I composed the Pentecost Mass between 1994 and 1995. This work was commissioned by the Notre-Dame Cathedral in Paris, France, where I was appointed resident composer in the Spring of 1995. The original instrumentation included adult choir, children choir, brass quintet, organ, and timpani. The premiere was conducted by Nicole Corti.
At 11:30 AM, on Pentecost Sunday the Cathedral was completely full. All the benches were occupied and there were hundreds of people standing in every corner of the church. The central gates of the Cathedral were open giving way to a solemn procession of priests, led by Cardinal Jean-Marie Lustiger. The procession to the altar was accompanied by an imposing improvisation by the great organist Olivier Latry
My parents attended the premiere with me. This has been one of the most moving and unforgettable experiences in my life as a composer. We were located in a very special place: at the front of the choir of the Cathedral, next to all the singers and musicians, and just a few feet behind the Cardinal and other celebrating priests. Even today I have a difficult time thinking that my music was performed several times in a cathedral that is an icon of the Western culture: Notre-Dame de Paris, a magnificent building that for more than 800 years has been witness of the history of Paris and Europe.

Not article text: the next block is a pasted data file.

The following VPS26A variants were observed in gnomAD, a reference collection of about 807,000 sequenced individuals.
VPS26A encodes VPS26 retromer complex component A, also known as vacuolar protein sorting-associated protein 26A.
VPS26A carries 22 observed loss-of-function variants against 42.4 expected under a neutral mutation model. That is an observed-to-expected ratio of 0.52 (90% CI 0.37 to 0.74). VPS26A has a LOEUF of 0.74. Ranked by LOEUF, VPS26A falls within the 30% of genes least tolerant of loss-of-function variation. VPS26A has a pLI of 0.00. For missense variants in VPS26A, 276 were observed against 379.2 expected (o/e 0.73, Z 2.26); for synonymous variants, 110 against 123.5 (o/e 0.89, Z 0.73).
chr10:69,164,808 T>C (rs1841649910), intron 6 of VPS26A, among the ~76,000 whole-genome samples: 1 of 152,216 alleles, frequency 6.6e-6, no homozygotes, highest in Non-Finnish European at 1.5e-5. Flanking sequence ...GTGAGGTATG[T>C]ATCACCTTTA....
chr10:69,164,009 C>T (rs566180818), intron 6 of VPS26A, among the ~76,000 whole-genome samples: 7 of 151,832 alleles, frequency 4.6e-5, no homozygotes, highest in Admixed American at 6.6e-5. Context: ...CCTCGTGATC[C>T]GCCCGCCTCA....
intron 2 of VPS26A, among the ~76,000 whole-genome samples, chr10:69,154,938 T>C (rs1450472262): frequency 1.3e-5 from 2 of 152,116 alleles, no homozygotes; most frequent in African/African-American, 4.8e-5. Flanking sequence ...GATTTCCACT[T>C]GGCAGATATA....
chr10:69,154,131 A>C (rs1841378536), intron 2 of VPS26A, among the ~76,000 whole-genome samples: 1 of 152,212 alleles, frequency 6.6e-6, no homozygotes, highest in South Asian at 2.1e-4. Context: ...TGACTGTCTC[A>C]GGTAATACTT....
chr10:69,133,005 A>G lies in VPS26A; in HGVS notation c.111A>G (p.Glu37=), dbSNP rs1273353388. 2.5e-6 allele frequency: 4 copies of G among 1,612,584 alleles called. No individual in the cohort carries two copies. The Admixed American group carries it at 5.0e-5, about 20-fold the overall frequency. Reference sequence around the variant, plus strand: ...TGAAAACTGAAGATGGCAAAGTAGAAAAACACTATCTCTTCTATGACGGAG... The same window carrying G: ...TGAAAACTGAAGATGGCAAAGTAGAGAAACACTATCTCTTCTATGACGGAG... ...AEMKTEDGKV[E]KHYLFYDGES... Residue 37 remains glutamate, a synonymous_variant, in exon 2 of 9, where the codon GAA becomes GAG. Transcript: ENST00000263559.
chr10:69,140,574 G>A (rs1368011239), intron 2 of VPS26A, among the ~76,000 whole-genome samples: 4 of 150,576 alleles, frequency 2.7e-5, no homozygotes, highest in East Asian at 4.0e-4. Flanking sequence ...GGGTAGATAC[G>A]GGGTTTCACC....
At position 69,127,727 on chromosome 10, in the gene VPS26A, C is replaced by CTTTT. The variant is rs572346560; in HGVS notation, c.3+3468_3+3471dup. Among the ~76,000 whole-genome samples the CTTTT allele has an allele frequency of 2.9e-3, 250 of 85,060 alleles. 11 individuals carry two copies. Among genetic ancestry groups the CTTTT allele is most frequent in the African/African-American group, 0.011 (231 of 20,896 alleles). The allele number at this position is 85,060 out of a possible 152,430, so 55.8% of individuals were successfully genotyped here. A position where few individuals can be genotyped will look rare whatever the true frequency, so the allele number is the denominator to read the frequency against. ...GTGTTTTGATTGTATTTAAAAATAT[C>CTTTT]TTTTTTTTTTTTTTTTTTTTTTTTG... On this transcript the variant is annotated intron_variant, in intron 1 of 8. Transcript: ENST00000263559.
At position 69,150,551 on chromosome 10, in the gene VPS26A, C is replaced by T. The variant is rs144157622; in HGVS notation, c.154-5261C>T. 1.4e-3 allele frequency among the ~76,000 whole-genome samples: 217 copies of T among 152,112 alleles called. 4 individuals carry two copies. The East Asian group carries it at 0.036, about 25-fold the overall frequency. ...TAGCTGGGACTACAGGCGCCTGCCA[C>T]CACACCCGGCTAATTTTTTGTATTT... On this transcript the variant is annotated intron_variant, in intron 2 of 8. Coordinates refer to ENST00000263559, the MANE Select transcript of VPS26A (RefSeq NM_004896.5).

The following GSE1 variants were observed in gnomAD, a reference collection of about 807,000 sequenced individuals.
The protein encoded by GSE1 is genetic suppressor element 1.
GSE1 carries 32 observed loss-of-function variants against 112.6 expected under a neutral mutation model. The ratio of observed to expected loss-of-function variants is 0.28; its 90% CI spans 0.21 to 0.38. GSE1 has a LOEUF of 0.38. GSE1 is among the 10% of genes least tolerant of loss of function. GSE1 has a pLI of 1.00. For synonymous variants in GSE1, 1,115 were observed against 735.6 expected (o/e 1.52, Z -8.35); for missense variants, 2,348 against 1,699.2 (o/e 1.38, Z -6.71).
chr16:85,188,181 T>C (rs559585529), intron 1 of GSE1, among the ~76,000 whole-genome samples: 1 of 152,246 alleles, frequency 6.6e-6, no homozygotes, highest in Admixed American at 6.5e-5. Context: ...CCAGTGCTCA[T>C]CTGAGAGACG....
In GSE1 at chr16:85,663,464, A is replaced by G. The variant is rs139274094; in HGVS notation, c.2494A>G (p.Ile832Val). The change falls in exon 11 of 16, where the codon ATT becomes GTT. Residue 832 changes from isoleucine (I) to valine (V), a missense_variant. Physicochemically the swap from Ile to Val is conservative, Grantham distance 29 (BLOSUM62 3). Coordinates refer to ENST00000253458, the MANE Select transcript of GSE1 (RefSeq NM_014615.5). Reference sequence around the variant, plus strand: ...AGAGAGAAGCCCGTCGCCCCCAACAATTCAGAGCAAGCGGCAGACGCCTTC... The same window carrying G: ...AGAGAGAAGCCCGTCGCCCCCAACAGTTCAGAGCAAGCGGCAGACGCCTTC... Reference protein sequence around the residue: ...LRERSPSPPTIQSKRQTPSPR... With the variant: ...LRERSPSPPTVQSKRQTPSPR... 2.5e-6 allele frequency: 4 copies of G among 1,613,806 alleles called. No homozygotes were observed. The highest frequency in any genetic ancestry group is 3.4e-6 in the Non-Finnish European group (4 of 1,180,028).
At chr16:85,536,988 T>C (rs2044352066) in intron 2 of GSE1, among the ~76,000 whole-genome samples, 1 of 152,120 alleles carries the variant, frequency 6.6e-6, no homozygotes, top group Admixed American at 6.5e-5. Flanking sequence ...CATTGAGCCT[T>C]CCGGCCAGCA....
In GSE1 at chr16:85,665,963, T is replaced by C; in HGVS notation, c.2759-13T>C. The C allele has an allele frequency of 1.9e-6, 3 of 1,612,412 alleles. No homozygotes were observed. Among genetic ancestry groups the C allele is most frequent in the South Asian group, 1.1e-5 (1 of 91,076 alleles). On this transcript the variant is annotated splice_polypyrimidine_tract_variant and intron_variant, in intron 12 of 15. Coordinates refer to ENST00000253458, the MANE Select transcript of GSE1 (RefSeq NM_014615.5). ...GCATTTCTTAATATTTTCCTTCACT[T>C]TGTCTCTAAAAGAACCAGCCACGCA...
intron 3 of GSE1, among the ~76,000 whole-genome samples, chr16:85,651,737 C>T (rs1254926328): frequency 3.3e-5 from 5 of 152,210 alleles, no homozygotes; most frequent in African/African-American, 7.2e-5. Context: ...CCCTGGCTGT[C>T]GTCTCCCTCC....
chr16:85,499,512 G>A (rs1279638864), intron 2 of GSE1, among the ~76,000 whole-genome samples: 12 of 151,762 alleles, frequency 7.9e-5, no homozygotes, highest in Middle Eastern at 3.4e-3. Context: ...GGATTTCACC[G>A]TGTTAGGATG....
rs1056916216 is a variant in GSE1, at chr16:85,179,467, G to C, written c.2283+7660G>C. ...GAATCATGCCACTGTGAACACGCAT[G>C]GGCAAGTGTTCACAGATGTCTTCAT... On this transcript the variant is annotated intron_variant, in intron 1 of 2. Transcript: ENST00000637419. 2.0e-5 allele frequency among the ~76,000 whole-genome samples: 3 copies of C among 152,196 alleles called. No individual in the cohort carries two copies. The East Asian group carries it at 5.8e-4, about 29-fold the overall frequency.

About the music: Considering that the commission was specifically for Pentecost, the Gregorian sequence Veni Sancte Spiritus became the natural source of inspiration and musical materials. The melody of this sequence, as old as the cathedral itself, was the cantus firmus of my composition. In fact, I used the entire sequence in the fourth movement, over a modal harmonic background, full of sonorities that combine medieval cadences and contemporary progressions. In a similar manner, the opening of the sequence, a characteristic ionian tetrachord became the main motive for the composition of the Kyrie and the Agnus Dei. Modal harmonies, marked contrasts of tempo, texture, and instrumentation, and the alternation of contemporary sonorities and medieval cadences gave shape to the materials of this composition. This version for orchestra and choir was made especially for this recording. I dedicate it with my sincere gratitude to Cecilia Espinosa and the EAFIT Orchestra and Choir.
IV. Veni Sancte Spiritus